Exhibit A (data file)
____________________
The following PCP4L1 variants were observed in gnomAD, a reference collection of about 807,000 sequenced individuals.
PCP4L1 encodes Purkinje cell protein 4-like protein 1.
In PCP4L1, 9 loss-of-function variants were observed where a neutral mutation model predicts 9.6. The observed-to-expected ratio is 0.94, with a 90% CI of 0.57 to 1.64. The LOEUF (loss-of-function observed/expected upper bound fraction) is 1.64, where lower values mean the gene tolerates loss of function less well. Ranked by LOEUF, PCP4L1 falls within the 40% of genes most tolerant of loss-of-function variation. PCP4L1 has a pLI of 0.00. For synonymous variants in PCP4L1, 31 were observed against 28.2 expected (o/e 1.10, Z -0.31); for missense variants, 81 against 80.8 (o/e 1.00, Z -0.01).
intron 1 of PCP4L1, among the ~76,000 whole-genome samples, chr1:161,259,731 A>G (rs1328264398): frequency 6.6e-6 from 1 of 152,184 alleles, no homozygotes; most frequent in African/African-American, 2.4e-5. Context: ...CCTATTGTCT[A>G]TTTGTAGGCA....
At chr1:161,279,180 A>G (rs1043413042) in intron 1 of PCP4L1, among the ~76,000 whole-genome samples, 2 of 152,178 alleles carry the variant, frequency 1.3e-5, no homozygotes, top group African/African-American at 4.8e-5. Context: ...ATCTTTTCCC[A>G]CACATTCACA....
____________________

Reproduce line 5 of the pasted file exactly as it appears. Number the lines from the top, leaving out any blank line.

At chr1:161,279,180 A>G (rs1043413042) in intron 1 of PCP4L1, among the ~76,000 whole-genome samples, 2 of 152,178 alleles carry the variant, frequency 1.3e-5, no homozygotes, top group African/African-American at 4.8e-5. Context: ...ATCTTTTCCC[A>G]CACATTCACA....